European Storytelling: From Homer to Harry Potter: I have been completely taken by surprise at how much I have enjoyed this class. We started out with fairy tale origins and are now working on Nordic (Thor!) and Greek Myths.  We are studying the patterns that different types of theories almost always take, and how cultures all over the world have different versions of the same tales. Trying to look at whether these tales express common internal themes of the human psyche, or just always evolve into familiar patterns. I spent all day yesterday writing nine pages on why my favorite book, Ender’s Game, redefined the Hero’s Journey as set out by Joseph Campbell. I argue that Ender’s Game along with increased moral ambiguity in the modern world brought the slew of dark heroes (Dark Knight, Watchmen, V for Vendetta, Man of Steel, etc..) that we see in movies these days. Other cool takeaway from this class is learning about the gruesome origins of most modern fairy tales.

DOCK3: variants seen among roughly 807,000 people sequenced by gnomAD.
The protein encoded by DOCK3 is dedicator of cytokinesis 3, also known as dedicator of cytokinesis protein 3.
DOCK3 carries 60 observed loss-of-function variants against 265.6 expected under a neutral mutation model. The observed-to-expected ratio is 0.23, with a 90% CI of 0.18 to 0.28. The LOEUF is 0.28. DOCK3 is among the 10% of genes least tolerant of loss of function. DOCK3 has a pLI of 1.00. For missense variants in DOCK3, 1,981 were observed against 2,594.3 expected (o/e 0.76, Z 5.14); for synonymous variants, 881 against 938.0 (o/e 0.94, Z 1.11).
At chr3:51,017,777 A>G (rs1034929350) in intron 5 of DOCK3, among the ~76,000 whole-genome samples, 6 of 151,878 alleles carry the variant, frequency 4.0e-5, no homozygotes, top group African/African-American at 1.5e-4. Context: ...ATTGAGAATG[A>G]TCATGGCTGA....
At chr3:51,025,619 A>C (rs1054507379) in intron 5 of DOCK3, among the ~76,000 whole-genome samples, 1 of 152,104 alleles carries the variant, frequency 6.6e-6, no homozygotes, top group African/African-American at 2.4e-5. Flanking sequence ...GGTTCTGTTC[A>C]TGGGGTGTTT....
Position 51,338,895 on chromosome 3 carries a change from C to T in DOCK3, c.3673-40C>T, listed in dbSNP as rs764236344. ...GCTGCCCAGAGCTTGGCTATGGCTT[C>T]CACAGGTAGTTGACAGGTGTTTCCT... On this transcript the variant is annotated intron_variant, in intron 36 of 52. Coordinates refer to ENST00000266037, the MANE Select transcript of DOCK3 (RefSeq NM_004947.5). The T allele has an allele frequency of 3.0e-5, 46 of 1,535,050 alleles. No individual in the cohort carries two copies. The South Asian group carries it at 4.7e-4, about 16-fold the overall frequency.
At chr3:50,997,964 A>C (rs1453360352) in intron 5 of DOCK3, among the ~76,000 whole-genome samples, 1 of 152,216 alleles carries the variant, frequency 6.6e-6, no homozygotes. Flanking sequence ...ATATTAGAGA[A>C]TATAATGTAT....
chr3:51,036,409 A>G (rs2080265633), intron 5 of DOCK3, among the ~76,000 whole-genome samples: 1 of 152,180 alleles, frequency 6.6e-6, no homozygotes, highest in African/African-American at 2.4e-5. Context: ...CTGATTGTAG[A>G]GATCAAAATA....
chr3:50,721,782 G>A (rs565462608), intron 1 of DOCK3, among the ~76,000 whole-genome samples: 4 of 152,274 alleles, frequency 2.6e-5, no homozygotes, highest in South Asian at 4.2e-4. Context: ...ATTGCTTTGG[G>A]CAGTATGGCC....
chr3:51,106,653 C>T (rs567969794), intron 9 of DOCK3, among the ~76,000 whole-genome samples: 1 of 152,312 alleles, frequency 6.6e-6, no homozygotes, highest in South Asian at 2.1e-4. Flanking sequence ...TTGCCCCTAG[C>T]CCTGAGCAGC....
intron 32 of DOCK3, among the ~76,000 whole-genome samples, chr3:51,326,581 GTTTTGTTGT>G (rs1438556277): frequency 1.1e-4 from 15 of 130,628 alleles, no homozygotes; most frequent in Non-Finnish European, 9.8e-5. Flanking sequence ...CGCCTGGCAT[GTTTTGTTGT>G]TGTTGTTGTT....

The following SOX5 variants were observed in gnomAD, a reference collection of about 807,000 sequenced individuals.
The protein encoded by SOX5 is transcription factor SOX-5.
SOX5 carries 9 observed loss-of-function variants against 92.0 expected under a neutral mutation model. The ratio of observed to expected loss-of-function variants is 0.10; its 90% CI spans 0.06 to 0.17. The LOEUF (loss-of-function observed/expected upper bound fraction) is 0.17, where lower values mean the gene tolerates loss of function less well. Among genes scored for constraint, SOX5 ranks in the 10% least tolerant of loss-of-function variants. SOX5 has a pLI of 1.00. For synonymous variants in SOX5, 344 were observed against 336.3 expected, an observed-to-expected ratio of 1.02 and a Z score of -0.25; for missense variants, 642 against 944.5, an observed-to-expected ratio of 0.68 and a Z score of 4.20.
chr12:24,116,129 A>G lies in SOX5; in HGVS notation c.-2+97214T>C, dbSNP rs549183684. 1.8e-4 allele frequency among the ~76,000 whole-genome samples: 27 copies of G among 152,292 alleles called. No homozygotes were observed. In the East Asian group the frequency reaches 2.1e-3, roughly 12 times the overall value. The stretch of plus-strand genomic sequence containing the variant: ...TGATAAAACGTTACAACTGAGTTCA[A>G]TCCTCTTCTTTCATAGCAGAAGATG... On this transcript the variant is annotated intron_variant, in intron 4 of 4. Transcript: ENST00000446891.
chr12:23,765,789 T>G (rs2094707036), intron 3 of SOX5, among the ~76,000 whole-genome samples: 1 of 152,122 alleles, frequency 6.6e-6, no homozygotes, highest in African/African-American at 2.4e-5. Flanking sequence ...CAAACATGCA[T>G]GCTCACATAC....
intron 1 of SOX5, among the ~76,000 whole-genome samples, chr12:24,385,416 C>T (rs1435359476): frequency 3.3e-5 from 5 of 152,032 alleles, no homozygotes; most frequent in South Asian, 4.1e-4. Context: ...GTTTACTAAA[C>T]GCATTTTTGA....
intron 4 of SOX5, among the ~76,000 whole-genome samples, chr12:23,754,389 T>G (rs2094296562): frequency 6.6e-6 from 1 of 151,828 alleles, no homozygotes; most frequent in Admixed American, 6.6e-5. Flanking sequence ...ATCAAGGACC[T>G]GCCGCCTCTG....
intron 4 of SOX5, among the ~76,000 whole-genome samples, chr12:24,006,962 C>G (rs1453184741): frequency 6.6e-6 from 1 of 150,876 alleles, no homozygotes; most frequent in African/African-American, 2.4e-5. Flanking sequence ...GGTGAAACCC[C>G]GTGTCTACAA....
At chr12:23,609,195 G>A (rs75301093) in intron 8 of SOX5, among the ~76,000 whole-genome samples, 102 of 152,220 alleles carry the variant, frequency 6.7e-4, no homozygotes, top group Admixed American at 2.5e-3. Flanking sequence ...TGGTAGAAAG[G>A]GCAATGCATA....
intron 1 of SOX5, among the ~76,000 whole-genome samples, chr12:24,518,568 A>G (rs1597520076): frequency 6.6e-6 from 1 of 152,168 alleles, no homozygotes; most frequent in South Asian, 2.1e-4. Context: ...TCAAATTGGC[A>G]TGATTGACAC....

Danish Language and Culture: Danish is the hardest language ever. Nothing sounds like it is written, and Americans can not pronounce like half of the sounds that Danes have. That said, this class is a blast, our teacher is an awesome older guy who really cares about us and we have fun every class. We go on awesome culture trips and do a ton of fun stuff in class. Even though the overlords at CMC required this class, I am glad I am taking it. It is cool to be able to have basic conversations with Danes, and Danish culture is incredibly strange and interesting, and knowing the language helps to understand it.

Summary: For the most part I really like my classes here. The teaching styles are different, and the classes are much less theoretical. Good and bad of both styles. Too be honest, CMC is extremely stingy and I had a pretty limited selection of courses I could get credit for. If I was just studying what I wanted instead of getting college credits, my classes would be a little bit less dull. They have awesome choices here.

These include:

Football in Catalonia: Study soccer’s impact on Barcelona culture and take a trip to Barca

Danish Urban Design

Terrorism and Counter-Terrorism

Economics of Crime

Mergers and Acquisitions

Al-Qaida and Intelligence Analysis

History of Polar Discovery

Islam, Discovery, and Gender

Neuroscience of Fear

Neuroscience of Human Consciousness: The Feeling of Being

Nordic Culinary Culture

Public Health Ethics

From Religious Mythos to Philosophical Logos

A million other trips you can go on with classes like Literary London. These are just the ones that look cool to me but there are a ton of others.

Time to do a group project.

Hej Hej (Bye)